Friday, October 13, 2023

Walkin' in color

Photo Opp organized another photowalk, this time at their home in central Appleton. I have been wanting to do some portraits that weren't just street shots. A gathering of photographers is a likely opportunity for willing sitters. The Variable Cuboid with the long-for-pinhole 60mm front seemed to be the best choice for that, as well as giving me the option to go to another angle of view if necessary. The autumnal date, relatively late in the partly cloudy day prompted me to use Lomography 800 to keep exposures as short as possible.

As we gathered, I expressed my hope to do some pinhole portraits. Brandi Grahl, who flashed me a brilliant smile in Kaukana, volunteered. Sitting on the front steps, she attempted to interpret my instruction to imagine she was being drawn by Hans Holbein, resulting in what I can only describe as a Mona Lisa smile.

By the time we were finished, everyone had photowalked off toward the picturesque City Park, Lawrence University, Downtown, and the Fox River. Left alone to guard was Almon Benton and his lively daughter Linley who both agreed she would sit for me with her matching Instax Camera. Here she interprets her father's prompt "Remember how we freeze and hold still?"

My hopes for portrait subjects were dim so I set out myself, occasionally briefly joining a few others. This jutting entry of the branch of the US Bank with black mullions and angled planes reflecting in different directions was the subject of a few frames and of me taking this one as well.

The announced theme for the walk was "Intersections." The intersections of all these planes of different values of grey caught my eye. I would normally reject a scene with a car so prominently parked in front of it, but the Chrysler 300 is more sculptural than an SUV,  it's charcoal finish matched the monochrome theme of the image and the tail lights echoed the red signs on the building.

Something more wide angle would give me more options on the sidewalks downtown. I sat down on a bench and changed to the 35mm front. A lively group approached me from behind while I had my hands in the changing bag on my lap. It turned out to be a bunch of the photowalkers who already know I'm weird, but not in the way someone who didn't know what I was doing would.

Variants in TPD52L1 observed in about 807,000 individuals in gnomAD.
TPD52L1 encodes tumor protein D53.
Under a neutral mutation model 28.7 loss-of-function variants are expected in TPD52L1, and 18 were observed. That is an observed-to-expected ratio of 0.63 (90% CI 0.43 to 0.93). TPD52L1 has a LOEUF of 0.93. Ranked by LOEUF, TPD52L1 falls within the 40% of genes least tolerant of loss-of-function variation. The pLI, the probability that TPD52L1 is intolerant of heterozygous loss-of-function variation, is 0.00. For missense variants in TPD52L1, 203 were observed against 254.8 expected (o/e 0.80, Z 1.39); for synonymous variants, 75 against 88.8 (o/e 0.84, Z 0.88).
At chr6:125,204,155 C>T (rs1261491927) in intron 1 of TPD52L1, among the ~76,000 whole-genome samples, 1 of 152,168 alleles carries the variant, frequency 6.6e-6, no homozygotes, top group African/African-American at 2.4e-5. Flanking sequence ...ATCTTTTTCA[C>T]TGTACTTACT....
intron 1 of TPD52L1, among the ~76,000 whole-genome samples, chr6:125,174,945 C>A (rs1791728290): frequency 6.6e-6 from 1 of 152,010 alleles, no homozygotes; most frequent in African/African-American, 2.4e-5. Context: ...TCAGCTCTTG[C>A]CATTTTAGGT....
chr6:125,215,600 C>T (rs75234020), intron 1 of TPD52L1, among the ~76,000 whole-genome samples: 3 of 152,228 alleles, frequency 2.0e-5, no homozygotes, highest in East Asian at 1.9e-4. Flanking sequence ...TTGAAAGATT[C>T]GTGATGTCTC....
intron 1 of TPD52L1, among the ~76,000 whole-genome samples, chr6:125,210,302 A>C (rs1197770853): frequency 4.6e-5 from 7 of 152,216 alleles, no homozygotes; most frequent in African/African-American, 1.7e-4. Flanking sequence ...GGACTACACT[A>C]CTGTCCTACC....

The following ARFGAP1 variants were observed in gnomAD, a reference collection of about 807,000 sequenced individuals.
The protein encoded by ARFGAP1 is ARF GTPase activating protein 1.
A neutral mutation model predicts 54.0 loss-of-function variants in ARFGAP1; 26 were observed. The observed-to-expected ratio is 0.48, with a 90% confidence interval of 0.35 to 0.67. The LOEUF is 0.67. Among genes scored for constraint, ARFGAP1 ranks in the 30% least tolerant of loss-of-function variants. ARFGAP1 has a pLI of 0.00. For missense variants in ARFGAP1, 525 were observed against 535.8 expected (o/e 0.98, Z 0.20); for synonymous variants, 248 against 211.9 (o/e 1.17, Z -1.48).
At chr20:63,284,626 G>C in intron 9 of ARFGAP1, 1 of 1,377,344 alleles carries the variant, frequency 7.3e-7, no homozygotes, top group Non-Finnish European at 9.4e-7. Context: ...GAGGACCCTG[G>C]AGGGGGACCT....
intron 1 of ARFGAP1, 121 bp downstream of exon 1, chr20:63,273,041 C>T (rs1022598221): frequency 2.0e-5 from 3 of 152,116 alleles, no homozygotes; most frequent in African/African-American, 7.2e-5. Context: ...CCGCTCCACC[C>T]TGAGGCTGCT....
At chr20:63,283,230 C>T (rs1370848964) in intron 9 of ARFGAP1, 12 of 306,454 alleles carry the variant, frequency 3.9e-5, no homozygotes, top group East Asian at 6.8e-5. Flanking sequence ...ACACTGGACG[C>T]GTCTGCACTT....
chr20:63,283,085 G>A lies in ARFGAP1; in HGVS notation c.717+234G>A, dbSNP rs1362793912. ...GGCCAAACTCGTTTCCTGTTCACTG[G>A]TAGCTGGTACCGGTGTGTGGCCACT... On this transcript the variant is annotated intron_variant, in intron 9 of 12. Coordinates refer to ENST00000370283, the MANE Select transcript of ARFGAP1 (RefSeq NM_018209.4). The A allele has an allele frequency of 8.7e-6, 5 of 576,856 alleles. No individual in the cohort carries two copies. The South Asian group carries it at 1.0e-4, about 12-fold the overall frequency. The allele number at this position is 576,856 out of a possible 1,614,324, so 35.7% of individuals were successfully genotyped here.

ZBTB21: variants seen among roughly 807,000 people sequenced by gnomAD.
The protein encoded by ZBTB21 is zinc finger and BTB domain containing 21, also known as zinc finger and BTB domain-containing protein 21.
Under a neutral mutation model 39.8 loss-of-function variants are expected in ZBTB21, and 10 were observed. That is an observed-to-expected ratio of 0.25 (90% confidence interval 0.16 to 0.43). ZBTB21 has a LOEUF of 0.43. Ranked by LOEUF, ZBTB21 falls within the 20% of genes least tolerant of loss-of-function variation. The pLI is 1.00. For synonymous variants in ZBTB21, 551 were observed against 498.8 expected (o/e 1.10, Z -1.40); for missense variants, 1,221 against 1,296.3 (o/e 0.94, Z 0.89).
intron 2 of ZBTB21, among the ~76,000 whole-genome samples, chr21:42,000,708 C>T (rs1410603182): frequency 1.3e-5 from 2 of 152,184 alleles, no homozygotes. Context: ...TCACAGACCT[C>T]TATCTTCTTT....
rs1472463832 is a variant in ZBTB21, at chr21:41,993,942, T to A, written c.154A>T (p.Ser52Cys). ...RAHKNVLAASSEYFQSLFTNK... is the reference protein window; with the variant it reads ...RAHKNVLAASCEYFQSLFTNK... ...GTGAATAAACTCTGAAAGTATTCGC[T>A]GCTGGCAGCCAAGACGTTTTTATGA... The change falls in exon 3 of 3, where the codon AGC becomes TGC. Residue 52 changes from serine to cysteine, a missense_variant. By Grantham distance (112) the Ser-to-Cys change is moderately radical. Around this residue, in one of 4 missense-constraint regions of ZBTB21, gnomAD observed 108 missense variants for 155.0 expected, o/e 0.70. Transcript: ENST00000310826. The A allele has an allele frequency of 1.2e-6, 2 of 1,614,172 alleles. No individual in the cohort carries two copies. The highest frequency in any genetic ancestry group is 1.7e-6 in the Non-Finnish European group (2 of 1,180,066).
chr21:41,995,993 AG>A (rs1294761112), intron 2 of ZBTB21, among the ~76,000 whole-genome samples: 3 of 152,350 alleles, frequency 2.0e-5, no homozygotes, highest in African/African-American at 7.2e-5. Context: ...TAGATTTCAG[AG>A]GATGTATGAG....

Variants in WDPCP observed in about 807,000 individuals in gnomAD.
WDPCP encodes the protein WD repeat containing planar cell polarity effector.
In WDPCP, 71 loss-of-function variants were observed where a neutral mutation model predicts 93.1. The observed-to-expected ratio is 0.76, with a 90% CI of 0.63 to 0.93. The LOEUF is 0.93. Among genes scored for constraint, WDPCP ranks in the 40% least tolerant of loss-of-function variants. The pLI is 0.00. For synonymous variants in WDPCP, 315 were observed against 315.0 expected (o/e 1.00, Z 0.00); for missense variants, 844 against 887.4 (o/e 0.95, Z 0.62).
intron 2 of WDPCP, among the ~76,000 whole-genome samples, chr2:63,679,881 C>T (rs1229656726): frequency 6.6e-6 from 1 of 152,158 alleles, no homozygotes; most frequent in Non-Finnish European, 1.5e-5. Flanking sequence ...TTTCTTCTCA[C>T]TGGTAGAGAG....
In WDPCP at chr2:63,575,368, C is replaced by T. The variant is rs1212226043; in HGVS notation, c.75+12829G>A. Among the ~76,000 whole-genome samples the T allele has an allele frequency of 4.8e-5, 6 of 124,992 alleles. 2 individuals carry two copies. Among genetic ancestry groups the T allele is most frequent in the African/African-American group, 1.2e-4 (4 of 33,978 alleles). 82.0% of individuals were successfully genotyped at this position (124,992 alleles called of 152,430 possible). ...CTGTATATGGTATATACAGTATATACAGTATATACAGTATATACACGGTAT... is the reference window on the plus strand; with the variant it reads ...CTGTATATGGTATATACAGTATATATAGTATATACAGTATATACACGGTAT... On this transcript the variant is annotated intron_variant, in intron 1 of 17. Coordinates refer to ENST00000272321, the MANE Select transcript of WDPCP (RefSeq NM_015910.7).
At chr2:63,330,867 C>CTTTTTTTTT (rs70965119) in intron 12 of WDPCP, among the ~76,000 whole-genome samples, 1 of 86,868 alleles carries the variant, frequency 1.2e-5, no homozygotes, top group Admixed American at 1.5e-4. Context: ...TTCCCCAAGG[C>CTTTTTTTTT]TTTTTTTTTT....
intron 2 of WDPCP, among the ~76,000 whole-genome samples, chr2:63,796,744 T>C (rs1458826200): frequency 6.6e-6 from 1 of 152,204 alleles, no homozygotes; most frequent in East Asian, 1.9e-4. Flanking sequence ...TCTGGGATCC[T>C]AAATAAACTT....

One of Andy's haunts while attending college.

About when I was ready to turn around, I realized the modern church that was half of my double exposure with the parking ramp in last spring's photowalk was just a block away.

Earlier, passing down College Avenue, I had noticed Main Hall in the distance lit by the low sun standing out against the dark foliage.

There were a group of young women in fashionable colorful dresses being photographed by numerous people on the front portico. It turned out it was high school homecoming and the place was crawling with dressed-up teenagers getting pictures for social media against the classical Lawrence University architecture. When I got there the group was just finishing but I asked if I could get a picture too. Just behind me, Mom asked "What for?" Just for my personal blog sounded suspicious. "We'd rather not."  Across the road by the Chapel, these bored young men looking like an Abercrombie and Fitch ad were watching their dates surrounded by cell phones. They agreed to a photograph after I told them they looked cool in kind of interesting light. Asked to just hold still as they were, as soon as the shutter opened, they adopted grotesque clownish grins perhaps to prank the old hippy who curiously was interested in them instead of the girls all around them. Pinhole-time magic somehow rendered their smiles looking pleasant. Mom inquired of my reasons after the fact and I gave her my card. Nobody said anything about the cardboard camera. 

Earlier and later in the walk, several passersby did approach and ask about my camera.

Sarah and I have spent most of our time on campus in the west wing of the Music Conservatory, location of the main Recital Hall, several classrooms we visited on Parents' Day and WLFM for whom Andy was Loud Rock Director and unofficially ran the place for a year and got critical techie experience converting from FM to teh interwebs. We were guest DJs on his midnight show once.

Photo Opp's building is an old church which they're fundraising to renovate to include a community darkroom, studio and workshop space. It would be particularly pinholy if I got to do workshops there but that might be a while.

The walk was scheduled until sunset so I was one of the first to arrive back. It seemed there was plenty of time for a 13 minute exposure of the softly lit vestibule while Almon and I conversed about the bases of film stocks, C-41 kits and developing tanks. People started arriving with quite a bit of the exposure left, but everyone carefully stepped around my tripod.

Since people were back there was a chance at another portrait. It was getting into twilight by this time so I switched to the ultra-wide 113° 20mm front since at f90, it's considerably faster than anything else I have. Normally cheerful Giles La Rock with his Hasselblad, 150mm lens and Twin Lens T-shirt looking skeptical that he's all in the picture. Of the three groups of photographers I've been associated with recently, this one has by far the most film users.

I also had a long conversation about Solargraphy with Lisa who had a vintage film SLR.

The 60mm front for the Variable Cuboid has a .30mm pinhole, the 35mm front has a .25mm pinhole. Both of these have adjustable rising fronts with 20mm of travel. The 20mm front has a .20mm Gilder Electron Microscope Aperture. The Lomo 800 was the fifth roll developed in's quart kit.

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